By Dave Bahde
Photos by Dave Bahde and courtesy of FN America


The new FN509 is a shining example of contract trickle-down benefits to the commercial market

One of the bi-products of competitive military contracts is the weapons not chosen usually wind up hitting the commercial market. Most contracts are so lucrative it drives major manufacturers to compete. Many features requested by these competitions are valuable to all. The Army’s MHS (Military Handgun Selection) pistol contract is a perfect example, bringing some very solid pistols to the commercial market this year. The 9mm FN America FN509 ($649) is the second pistol either inspired by or built for the MHS testing in the last month. Given the requirements, they are solidly built, withstanding rigorous testing protocols including mind boggling round counts. Ergonomics are improved along with weight and size. Even with an insanely political process with some questionable specifications, the end products are well suited to use in the most difficult conditions. The expense of making these changes otherwise tends to be cost prohibitive, so it’s not something you will see outside contracts like this. While it’s not always beneficial to the manufacturers, it often is for the rest of us, and this FN509 is a solid example.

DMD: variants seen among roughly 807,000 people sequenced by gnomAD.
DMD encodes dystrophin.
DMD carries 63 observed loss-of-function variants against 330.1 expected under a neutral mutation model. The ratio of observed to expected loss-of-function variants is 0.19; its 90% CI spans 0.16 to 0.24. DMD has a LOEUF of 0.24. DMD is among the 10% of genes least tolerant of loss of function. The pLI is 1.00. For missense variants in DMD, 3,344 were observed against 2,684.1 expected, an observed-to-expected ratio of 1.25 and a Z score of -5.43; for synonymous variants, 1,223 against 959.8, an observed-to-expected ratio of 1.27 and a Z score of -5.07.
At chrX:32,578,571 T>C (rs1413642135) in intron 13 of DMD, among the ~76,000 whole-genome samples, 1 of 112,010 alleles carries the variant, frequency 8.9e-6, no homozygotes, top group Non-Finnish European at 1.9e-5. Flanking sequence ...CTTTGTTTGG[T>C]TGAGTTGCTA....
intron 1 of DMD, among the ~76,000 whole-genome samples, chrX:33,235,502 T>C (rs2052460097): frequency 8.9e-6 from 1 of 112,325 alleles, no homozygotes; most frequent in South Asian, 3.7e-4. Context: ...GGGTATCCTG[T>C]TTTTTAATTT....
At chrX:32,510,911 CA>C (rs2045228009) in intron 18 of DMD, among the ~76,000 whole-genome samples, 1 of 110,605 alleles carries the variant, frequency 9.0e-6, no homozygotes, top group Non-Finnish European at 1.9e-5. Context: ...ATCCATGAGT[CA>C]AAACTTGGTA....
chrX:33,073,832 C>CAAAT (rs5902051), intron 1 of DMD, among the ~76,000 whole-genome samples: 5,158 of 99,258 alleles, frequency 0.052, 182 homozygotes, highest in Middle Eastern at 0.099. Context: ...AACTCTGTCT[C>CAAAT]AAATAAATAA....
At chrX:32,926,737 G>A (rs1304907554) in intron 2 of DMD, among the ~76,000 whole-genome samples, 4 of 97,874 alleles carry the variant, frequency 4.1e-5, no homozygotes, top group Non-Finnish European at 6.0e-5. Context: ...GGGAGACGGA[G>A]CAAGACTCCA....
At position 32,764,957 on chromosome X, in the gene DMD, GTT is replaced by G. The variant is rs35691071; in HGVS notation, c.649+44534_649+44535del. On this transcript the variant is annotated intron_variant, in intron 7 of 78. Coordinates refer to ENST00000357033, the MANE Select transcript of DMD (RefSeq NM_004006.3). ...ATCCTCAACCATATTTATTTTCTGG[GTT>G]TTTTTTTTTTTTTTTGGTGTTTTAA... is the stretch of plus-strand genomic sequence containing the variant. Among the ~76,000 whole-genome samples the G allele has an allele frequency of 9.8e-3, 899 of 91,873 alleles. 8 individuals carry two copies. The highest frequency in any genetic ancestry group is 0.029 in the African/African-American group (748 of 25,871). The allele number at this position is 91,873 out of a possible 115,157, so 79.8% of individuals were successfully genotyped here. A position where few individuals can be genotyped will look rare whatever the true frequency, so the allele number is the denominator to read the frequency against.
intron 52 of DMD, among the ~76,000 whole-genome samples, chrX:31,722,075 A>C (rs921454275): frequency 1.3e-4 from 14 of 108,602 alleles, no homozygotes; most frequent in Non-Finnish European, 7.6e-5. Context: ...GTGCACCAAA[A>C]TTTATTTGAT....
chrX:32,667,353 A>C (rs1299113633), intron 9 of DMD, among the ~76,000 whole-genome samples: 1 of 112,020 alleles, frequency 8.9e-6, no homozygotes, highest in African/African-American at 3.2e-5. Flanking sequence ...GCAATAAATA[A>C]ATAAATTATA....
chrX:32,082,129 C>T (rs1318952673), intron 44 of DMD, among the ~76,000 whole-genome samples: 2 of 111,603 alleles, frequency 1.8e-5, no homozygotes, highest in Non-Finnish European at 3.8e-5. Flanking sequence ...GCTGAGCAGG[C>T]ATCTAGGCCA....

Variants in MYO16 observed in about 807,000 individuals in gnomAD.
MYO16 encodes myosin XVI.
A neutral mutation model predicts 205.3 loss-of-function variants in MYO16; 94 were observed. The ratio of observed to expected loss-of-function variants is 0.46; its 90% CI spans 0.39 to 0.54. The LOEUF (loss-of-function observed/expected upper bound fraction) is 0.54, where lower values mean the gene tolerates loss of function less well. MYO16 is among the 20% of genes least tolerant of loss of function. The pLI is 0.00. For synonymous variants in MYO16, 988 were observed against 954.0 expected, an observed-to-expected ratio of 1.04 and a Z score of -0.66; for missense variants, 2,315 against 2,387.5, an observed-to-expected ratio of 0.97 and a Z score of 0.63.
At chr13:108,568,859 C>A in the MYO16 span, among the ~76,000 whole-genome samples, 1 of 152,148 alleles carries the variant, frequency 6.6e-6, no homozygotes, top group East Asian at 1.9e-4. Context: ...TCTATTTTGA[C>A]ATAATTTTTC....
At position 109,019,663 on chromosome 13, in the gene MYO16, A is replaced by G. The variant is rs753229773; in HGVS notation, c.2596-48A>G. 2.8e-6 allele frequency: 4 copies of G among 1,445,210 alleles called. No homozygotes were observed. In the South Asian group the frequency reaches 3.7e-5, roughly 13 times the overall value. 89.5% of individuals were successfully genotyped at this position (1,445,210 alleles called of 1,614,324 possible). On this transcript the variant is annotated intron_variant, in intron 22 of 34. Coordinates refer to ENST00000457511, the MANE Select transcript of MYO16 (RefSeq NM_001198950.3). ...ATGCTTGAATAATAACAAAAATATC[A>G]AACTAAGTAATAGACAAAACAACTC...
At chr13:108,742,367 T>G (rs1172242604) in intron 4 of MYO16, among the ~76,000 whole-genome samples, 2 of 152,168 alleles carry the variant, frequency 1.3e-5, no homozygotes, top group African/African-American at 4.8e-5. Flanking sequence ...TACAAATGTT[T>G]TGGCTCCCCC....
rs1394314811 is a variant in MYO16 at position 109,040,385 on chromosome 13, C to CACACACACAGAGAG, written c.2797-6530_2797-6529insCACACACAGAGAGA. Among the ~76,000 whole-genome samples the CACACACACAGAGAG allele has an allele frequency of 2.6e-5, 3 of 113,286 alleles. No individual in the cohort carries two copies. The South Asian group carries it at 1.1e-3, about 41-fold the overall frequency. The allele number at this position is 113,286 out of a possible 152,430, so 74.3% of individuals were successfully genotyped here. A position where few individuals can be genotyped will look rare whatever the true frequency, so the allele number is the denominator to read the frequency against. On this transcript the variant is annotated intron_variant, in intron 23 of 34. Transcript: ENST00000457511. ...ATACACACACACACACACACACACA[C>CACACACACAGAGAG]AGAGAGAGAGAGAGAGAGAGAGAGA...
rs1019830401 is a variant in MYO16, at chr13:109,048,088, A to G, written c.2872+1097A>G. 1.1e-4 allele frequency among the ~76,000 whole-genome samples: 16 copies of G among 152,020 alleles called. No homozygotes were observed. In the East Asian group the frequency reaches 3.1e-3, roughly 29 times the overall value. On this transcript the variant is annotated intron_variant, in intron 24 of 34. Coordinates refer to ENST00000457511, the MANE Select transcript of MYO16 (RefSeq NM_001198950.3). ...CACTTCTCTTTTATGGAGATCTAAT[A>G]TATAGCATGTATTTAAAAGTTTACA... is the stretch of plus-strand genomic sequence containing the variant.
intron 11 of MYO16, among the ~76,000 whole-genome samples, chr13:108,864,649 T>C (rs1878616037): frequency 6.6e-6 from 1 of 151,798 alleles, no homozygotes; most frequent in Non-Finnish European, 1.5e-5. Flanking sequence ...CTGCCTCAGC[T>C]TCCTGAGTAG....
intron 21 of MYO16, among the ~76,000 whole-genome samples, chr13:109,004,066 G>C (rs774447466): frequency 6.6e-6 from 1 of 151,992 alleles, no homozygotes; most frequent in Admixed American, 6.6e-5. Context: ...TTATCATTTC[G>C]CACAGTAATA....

FN509—The Same But Different

Using the FNS compact as the basic foundation, FN America heavily modified/enhanced the platform to create the new FN509 in competition for the Military Handgun Selection (MHS) pistol contract.

The FN509 is a polymer-frame, striker-fired, double-action-only pistol with a 4.0-inch barrel, two 17-round magazines and an empty weigh of 26.9 oz. Having used the MHS-winning SIG P320 since it came out, and having just completed testing the Beretta APX, this is the third pistol inspired by or based on the MHS I’ve tested in the last few months. Each is a bit different meeting what they perceived as the needs of the user. All are striker fired, but features differ. FN America started with their FNS compact making changes as needed, first to meet the contract, then reaching out to the law enforcement and concealed carry world.

Compared with the FNS, material was added to critial areas of the slide on the FN509 to create a truly-overbuilt, high-round-count workhorse. The iron sights are also more substantial—the rear of which has a sufficient ledge for improvised, one-handed slide-racking. The cold-hammer-forged stainless steel barrel get a polished chamber and feed ramp.

The slide has been modified to include aggressive cocking serrations and rugged sights designed for use during unconventional reloads or drills. The rear sight makes it easy to run on your belt, boot, or other field expedient item. A track of sort sits atop the slide allowing for fast sight alignment. Texturing on the grip is best described as multi-faceted. There are ridges, dots, larger cuts, and typical stippling high on the grip for your off hand. The combination locks your grip in place with or without gloves. Adding a cut to the bottom of the grip allows access to the new magazine floor plate. Interchangeable grip inserts (two total) let it fit most people’s hands. Ambidextrous magazine releases are longer, sit a bit higher, and are nicely stippled. The bore axis is about as good as it gets without your strong hand stopping the slide, with a beavertail to settle the web of your hand into.